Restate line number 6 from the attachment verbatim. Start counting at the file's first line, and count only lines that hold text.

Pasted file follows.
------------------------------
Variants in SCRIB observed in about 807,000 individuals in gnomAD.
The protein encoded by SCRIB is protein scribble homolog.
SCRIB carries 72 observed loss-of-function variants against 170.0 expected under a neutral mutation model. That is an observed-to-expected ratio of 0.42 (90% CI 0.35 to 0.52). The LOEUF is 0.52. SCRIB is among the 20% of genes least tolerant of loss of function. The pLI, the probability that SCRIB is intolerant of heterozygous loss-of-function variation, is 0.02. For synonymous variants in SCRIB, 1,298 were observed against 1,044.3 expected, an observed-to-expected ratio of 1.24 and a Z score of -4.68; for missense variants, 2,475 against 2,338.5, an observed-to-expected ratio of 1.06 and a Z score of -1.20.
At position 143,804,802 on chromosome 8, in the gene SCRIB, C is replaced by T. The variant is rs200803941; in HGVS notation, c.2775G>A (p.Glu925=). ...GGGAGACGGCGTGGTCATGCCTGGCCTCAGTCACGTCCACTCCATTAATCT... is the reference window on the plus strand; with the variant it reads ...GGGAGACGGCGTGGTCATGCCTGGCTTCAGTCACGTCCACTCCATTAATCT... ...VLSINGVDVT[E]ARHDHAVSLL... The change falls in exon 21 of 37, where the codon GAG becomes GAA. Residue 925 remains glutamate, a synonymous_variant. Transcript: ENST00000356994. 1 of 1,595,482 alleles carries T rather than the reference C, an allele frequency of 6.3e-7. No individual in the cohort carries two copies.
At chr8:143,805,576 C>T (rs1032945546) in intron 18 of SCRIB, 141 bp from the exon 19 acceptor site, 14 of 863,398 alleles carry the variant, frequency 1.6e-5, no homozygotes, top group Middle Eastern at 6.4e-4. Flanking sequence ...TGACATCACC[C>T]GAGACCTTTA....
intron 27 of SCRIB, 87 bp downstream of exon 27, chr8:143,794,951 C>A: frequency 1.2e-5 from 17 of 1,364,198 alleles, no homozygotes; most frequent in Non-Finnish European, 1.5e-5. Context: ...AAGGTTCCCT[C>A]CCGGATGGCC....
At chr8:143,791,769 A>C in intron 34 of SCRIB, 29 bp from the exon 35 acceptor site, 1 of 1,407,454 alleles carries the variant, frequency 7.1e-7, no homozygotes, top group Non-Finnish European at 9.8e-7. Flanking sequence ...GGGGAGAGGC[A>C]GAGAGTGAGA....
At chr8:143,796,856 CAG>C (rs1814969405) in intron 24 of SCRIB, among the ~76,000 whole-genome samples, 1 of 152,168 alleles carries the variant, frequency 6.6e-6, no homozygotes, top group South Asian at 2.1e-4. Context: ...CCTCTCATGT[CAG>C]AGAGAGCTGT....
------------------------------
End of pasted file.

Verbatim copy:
intron 27 of SCRIB, 87 bp downstream of exon 27, chr8:143,794,951 C>A: frequency 1.2e-5 from 17 of 1,364,198 alleles, no homozygotes; most frequent in Non-Finnish European, 1.5e-5. Context: ...AAGGTTCCCT[C>A]CCGGATGGCC....